> research lab photography, holography, instrumentation, and even
> metallography. High-res cameras and microscopes became my passion. My
> career suddenly took an unexpected diversion, I was invited to join a new
> Aviation Operations Section and flew their helicopters and airplanes for
> 25+ years, and abandoned a science-driven goal.
>
> Now I am renovating a Zeiss GFL darkfield microscope I was offered for
> $150, it was incomplete (no lamp bulb, socket or power supply) and the left
> ocular prism was damaged, although the condenser alone once sold for $800.
> I have reverse-engineered the stand and came up with a home made lamp
> socket, added a no-name aplanat condenser for brightfield use, all on a
> Sears lathe.
>
> I accidentally learned that ImageJ was invented by some guru, someplace, to
> analyze images, and I started re-reading my WSU text books, but have
> nothing on ImageJ itself. Friday I found a copy of the Waite Group C Primer
> Plus, and it might start me off for a while.
>
> Is there any efficient text that goes directly to the point in image
> analysis?
>
> What is the easiest route to adding a digital camera to a trinocular head I
> found to replace the damaged one? I have a Nikon D-60 but it's a bit heavy,
> I might need to invent a spring-balance mechanism to make focusing easier.
> Actually, I would rather use my 1961 Linhof Techika 4x5 and stay stuck in
> German history. This may require a special legacy Zeiss projection ocular,
> which I have never seen.
>
> "Thank You For Your Service!" is all I can say after reading some history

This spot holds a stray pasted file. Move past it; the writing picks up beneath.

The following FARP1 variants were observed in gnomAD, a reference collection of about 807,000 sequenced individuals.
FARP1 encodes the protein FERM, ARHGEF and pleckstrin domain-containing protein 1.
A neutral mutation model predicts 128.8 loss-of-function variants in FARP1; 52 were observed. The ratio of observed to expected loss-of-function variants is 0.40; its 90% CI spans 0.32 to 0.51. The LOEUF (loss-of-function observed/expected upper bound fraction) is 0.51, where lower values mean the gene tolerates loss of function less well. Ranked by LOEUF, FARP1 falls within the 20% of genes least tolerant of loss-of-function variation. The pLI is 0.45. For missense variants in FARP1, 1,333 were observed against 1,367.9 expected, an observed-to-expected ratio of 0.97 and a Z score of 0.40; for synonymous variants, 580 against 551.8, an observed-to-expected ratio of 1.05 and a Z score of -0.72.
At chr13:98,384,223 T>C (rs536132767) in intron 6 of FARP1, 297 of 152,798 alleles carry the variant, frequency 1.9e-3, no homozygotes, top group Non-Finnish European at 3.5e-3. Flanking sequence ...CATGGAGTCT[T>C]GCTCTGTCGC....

> on Image.
>
> Odd coincidence, I met one of your associates in biological microscopy on
> the message board, Prof Gordon, who for some reason, decided to live in a
> tiny village in backwoods Manitoba exactly where my Polish-Ukrainian family
> settled in 1913. He now is a friend of my cousin, who had the only combined
> restaurant, liquor store and post office in the region, with a pool
> hall/barber shop next door ran by the father of my father's best childhood
> friend.
>
> Next time we visit, I will bring some new waders to search for fresh
> diatoms, to swap for local pierogi.
>
> Leonard Fashoway
> Formerly spelled "Faszczowy"
> Fraser Michigan
>
>
>
>
>
>
>
> On Sun, Jan 29, 2017 at 2:43 PM, Rasband, Wayne (NIH/NIMH) [E] <
> [hidden email]> wrote:
>
> > On Jan 27, 2017, at 3:48 PM, Stein Rørvik <[hidden email]>
> wrote:
> > >
> > > When you are editing macro code in ImageJ using the built-in macro
> > editor, the menu choice "Evaluate JavaScript" (or BeanShell / Python)
> > changes the current code language to JavaScript and changes the extension
> > to .js. This makes sense, but the problem is that if you do this when
> > editing a regular macro in the ImageJ macro language, there is no way of
> > going back to the ImageJ macro language besides saving the file to a new
> > file ending in .ijm and reopening that file. Or at least I have not found
> > any other way to do it. This is an annoyance, as I use Ctrl-J by habit
> as a
> > shortcut for something else in another text editor, so I often press it
> by
> > accident when editing ImageJ macros.
> >
> > The latest ImageJ daily build (1.51j23) adds a Macros>Evaluate Macro
> > command to the macro editor. This command changes the extension to “.ijm”
> > if it is “.js”, “.bsh” or “.py”.
> >
> > -wayne
> >
> > > A simple solution would be to let the menu choice "Evaluate Line"
> (which
> > is already there) change the code language back to the macro language,
> and
> > changing the extension back to .ijm. Or to simply just remove the code
> > change / extension change behaviour, as it is strictly not needed. If you
> > want to evaluate a line in a JavaScript, the extension of the file whould
> > be .js already. Currently, "Evaluate Line" is ignored if the file type
> was
> > auto-changed so you are stuck after accidentally selecting any of the
> > JavaScript / BeanShell / Python choices.
> > >
> > > Stein
> > >
> > >
> > > --
> > > ImageJ mailing list: http://imagej.nih.gov/ij/list.html
> >
> > --
> > ImageJ mailing list: http://imagej.nih.gov/ij/list.html
> >
>
> --
> ImageJ mailing list: http://imagej.nih.gov/ij/list.html
>

--
ImageJ mailing list: http://imagej.nih.gov/ij/list.html
Loading...